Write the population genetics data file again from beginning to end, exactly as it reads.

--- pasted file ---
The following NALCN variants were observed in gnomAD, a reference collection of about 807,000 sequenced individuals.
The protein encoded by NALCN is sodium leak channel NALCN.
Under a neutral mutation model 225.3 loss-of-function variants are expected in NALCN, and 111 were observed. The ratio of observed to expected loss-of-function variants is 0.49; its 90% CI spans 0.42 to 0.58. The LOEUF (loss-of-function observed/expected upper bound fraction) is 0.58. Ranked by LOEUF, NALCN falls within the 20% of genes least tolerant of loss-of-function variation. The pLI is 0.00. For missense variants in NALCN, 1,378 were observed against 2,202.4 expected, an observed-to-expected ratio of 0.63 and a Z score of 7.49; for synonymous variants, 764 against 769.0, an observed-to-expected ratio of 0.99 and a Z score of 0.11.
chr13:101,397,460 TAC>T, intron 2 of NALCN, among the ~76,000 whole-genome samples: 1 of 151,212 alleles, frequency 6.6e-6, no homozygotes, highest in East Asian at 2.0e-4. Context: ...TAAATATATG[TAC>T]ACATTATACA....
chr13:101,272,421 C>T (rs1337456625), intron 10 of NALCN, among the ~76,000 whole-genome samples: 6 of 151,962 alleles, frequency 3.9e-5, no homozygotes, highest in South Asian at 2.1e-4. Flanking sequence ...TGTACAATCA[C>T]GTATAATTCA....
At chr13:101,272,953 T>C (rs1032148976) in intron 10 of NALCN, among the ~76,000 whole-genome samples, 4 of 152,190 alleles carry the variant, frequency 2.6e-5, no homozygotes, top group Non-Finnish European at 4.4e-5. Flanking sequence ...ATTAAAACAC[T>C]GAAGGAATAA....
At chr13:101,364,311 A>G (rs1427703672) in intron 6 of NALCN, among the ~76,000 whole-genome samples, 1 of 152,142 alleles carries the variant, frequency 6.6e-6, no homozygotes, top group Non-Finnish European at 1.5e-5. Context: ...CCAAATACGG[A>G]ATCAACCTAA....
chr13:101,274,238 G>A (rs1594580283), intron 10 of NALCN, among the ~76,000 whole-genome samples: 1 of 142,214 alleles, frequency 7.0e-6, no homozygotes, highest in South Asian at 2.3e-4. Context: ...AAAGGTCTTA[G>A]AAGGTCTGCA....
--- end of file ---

The following NALCN variants were observed in gnomAD, a reference collection of about 807,000 sequenced individuals.
The protein encoded by NALCN is sodium leak channel NALCN.
Under a neutral mutation model 225.3 loss-of-function variants are expected in NALCN, and 111 were observed. The ratio of observed to expected loss-of-function variants is 0.49; its 90% CI spans 0.42 to 0.58. The LOEUF (loss-of-function observed/expected upper bound fraction) is 0.58. Ranked by LOEUF, NALCN falls within the 20% of genes least tolerant of loss-of-function variation. The pLI is 0.00. For missense variants in NALCN, 1,378 were observed against 2,202.4 expected, an observed-to-expected ratio of 0.63 and a Z score of 7.49; for synonymous variants, 764 against 769.0, an observed-to-expected ratio of 0.99 and a Z score of 0.11.
chr13:101,397,460 TAC>T, intron 2 of NALCN, among the ~76,000 whole-genome samples: 1 of 151,212 alleles, frequency 6.6e-6, no homozygotes, highest in East Asian at 2.0e-4. Context: ...TAAATATATG[TAC>T]ACATTATACA....
chr13:101,272,421 C>T (rs1337456625), intron 10 of NALCN, among the ~76,000 whole-genome samples: 6 of 151,962 alleles, frequency 3.9e-5, no homozygotes, highest in South Asian at 2.1e-4. Flanking sequence ...TGTACAATCA[C>T]GTATAATTCA....
At chr13:101,272,953 T>C (rs1032148976) in intron 10 of NALCN, among the ~76,000 whole-genome samples, 4 of 152,190 alleles carry the variant, frequency 2.6e-5, no homozygotes, top group Non-Finnish European at 4.4e-5. Flanking sequence ...ATTAAAACAC[T>C]GAAGGAATAA....
At chr13:101,364,311 A>G (rs1427703672) in intron 6 of NALCN, among the ~76,000 whole-genome samples, 1 of 152,142 alleles carries the variant, frequency 6.6e-6, no homozygotes, top group Non-Finnish European at 1.5e-5. Context: ...CCAAATACGG[A>G]ATCAACCTAA....
chr13:101,274,238 G>A (rs1594580283), intron 10 of NALCN, among the ~76,000 whole-genome samples: 1 of 142,214 alleles, frequency 7.0e-6, no homozygotes, highest in South Asian at 2.3e-4. Context: ...AAAGGTCTTA[G>A]AAGGTCTGCA....